Appellant's counsel objected strenuously to the substitution of an alternate and moved for a mistrial. Judge Sklar promptly denied the motion. Actually, alternate No. 2 was substituted for the regular juror because the first alternate was ill and did not attend the trial on the third day.

Here, appellant's line of reasoning takes the following form:

"The vested jury of 12, when proclaimed acceptable to both State and defense, becomes a unity of deliberation. In protracted trials, alternates are selected to act as jurors in case of death, sickness or unavoidable absence of a vested juror. They are not part of the unity which must deliberate and have no say unless seated under the specific events causing absence. To order a juror out of the jury box is to declare mistrial because the unity ceases to exist."

Appellant concludes by averring that the trial judge erred in denying his motion for a mistrial based on the allegedly prejudicial substitution.

Rule 748 of the Maryland Rules of Procedure, entitled "Jurors-Alternate," provides in pertinent part:

"The court may direct that not more than two jurors in addition to the regular jury be called and impaneled to sit as alternate jurors. Alternate jurors * * * shall replace jurors, who, prior to the time the jury retires to consider *699 its verdict, become unable or disqualified to perform their duties. An alternate juror shall be drawn in the same manner, shall have the same qualifications, shall be subject to the same examination and challenges, shall take the same oath, and shall have the same functions, powers, facilities, and privileges as the regular jurors. An alternate juror who does not replace a regular juror shall be discharged when the jury retires to consider its verdict. For each alternate juror to be selected, the State shall be entitled to one additional peremptory challenge * * *, and each defendant shall be entitled to two additional challenges. * * *." (Emphasis supplied).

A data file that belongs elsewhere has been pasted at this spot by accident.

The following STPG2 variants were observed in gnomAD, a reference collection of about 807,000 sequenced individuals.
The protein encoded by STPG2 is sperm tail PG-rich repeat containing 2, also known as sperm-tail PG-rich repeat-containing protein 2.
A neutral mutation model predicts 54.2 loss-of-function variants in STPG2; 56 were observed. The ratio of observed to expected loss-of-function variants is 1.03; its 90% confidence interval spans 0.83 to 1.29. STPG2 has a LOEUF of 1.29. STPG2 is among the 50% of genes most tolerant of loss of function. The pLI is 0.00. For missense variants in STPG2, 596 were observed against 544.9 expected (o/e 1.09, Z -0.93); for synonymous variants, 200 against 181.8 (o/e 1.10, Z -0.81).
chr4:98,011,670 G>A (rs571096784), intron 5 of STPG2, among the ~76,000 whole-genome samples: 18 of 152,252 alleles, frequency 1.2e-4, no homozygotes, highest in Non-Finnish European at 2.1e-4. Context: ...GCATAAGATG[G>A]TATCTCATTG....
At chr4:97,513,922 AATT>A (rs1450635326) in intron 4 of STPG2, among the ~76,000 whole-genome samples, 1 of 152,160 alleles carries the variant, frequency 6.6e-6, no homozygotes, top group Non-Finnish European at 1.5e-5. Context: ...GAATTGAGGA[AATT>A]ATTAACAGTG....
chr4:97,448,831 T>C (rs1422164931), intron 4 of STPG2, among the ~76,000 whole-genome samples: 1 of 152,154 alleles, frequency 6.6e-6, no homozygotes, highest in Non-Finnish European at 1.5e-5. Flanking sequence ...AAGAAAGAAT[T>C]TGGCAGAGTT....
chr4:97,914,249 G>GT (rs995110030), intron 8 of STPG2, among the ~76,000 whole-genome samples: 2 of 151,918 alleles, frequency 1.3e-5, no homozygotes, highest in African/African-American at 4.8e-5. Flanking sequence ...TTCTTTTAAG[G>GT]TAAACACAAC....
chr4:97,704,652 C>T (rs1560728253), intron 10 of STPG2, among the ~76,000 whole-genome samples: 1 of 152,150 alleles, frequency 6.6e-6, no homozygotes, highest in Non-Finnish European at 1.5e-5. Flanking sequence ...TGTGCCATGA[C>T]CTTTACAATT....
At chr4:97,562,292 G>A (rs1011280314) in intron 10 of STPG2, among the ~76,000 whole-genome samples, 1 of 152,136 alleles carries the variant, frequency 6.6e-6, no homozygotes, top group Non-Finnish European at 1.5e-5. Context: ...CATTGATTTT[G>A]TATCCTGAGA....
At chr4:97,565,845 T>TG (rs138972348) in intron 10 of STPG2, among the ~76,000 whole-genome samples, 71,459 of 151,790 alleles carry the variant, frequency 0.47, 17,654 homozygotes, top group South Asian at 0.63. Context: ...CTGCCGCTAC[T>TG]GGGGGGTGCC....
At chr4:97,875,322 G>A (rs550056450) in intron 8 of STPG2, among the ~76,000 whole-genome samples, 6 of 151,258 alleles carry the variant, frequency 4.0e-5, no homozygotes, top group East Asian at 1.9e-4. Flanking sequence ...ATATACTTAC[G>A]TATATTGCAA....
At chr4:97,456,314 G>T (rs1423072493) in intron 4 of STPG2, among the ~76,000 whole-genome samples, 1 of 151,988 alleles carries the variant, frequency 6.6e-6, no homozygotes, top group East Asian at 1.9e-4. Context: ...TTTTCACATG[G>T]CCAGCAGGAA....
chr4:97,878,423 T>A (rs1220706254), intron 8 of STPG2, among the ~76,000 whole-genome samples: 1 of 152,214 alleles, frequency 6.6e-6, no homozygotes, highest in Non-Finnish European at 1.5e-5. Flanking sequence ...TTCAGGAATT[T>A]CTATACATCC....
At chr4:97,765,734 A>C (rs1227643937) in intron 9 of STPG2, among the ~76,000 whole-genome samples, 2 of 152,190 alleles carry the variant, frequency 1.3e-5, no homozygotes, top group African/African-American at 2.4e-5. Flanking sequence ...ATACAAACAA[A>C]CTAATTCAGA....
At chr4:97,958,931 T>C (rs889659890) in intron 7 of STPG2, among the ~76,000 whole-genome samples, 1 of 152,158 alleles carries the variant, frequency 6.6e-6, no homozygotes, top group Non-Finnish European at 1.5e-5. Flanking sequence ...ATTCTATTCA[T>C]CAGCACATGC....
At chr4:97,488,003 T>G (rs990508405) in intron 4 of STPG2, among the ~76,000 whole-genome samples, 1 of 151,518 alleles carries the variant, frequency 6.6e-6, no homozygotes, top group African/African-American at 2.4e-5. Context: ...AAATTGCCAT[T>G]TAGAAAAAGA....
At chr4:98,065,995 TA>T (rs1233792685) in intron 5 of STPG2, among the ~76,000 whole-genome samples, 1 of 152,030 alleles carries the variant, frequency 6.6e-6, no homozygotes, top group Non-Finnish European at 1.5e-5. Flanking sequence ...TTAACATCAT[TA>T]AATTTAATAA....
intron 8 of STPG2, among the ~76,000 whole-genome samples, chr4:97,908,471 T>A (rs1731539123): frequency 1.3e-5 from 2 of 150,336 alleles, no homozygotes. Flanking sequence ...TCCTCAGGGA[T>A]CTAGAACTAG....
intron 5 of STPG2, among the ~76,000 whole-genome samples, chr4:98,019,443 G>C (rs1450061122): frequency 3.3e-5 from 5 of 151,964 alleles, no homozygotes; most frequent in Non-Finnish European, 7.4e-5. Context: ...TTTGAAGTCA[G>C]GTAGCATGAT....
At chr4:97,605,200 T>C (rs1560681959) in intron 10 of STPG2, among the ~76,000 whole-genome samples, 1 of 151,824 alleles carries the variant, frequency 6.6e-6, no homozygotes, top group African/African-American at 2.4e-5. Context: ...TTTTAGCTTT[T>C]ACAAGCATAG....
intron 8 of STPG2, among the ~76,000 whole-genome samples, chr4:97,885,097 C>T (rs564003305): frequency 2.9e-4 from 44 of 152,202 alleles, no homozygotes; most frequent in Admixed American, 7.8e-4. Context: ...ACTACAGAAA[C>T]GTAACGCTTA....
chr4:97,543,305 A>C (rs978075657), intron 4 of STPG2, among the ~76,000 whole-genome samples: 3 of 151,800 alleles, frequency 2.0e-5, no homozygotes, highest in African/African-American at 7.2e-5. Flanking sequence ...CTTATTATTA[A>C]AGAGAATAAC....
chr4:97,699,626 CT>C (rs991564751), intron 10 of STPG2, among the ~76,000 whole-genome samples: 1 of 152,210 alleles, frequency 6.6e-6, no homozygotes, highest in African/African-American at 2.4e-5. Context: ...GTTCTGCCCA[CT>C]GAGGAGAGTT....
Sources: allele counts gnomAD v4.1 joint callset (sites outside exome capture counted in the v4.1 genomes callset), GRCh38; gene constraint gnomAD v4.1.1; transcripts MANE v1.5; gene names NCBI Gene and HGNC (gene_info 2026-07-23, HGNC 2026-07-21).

It is pellucid that Maryland's supernumerary juror rule provides for a substitution or replacement of regular jurors by alternates up to the juncture occurring when the jury retires to deliberate its verdict. There is no provision in this State's rule for substitution of an alternate juror thereafter. See United States v. Hayutin, (C.A.2 N.Y.), 398 F.2d 944, cert. denied 393 U.S. 961, 89 S. Ct. 400, 21 L. Ed. 2d 374 (1968), where it was held to be mandatory that an alternate juror who does not replace a regular juror "shall be discharged after the jury retires to consider the verdict." This reasoning appears to be the rule in Maryland.

Our rule does not define the circumstances under which a juror shall "become unable or disqualified" to perform his duties and each case must stand on its own facts. Though the directive of the Maryland rule, "shall replace jurors" is couched in mandatory terms, it is obvious that the word "shall" as used therein is directory. Thus, the substitution vel non of a supernumerary for a regular juror lies within the sound discretion of the trial judge. Such an exercise of discretion will not be disturbed on appeal unless arbitrary and abusive in its application.